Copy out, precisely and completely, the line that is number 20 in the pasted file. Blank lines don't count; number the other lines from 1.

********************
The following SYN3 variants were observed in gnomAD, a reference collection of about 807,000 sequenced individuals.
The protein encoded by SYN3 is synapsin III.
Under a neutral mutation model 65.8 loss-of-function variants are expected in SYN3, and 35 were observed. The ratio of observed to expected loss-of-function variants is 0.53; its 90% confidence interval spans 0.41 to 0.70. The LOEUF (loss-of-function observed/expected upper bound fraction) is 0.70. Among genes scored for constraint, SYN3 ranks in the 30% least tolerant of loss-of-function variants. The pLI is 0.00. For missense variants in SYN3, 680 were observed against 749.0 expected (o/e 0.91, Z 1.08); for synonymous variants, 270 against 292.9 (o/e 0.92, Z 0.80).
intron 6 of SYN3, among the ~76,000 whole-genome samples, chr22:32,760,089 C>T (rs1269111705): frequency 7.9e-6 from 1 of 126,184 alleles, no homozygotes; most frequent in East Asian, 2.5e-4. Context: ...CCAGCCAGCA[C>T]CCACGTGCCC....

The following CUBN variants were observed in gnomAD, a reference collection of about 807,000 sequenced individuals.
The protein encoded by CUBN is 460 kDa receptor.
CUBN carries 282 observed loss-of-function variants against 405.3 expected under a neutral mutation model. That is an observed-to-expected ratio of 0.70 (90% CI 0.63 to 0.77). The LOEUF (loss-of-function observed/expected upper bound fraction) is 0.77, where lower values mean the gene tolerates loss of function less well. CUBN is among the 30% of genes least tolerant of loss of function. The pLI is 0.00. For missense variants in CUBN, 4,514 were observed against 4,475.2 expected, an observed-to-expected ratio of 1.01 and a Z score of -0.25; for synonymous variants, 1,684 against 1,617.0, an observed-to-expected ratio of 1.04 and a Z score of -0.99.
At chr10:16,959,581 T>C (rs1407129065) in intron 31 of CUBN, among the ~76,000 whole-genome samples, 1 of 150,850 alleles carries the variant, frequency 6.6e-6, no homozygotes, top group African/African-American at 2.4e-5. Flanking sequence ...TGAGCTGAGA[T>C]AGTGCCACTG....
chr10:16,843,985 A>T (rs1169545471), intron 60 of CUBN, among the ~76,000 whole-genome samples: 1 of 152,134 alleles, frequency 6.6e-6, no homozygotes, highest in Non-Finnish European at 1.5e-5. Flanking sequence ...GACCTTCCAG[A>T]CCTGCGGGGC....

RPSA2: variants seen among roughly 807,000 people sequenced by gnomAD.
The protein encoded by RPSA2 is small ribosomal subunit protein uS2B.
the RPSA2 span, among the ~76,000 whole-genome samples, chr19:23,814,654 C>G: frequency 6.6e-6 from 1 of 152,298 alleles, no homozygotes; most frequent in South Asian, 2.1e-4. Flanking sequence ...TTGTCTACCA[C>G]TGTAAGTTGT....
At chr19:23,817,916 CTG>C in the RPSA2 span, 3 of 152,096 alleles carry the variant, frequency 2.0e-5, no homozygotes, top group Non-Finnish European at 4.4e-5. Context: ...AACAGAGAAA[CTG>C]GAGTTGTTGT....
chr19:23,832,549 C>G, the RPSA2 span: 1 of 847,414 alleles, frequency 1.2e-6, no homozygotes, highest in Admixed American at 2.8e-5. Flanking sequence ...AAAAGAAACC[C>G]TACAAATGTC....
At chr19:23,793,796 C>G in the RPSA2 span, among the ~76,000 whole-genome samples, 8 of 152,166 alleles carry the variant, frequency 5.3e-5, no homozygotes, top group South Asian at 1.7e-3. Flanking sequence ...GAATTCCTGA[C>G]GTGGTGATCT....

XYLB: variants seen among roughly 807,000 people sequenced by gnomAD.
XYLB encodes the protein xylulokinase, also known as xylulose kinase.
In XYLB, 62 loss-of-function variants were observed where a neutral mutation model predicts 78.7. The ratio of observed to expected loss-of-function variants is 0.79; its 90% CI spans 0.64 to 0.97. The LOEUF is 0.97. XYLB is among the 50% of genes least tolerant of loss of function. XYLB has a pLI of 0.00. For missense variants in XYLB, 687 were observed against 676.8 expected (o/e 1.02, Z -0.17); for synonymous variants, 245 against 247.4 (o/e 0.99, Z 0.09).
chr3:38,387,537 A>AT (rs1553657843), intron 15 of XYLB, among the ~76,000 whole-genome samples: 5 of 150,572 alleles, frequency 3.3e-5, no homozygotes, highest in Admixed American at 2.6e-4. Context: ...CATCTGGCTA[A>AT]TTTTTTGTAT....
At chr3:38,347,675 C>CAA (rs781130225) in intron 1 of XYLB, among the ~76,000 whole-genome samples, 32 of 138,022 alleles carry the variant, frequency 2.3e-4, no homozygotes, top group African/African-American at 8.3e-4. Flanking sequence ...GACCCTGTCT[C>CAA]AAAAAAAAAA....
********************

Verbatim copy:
At chr3:38,347,675 C>CAA (rs781130225) in intron 1 of XYLB, among the ~76,000 whole-genome samples, 32 of 138,022 alleles carry the variant, frequency 2.3e-4, no homozygotes, top group African/African-American at 8.3e-4. Flanking sequence ...GACCCTGTCT[C>CAA]AAAAAAAAAA....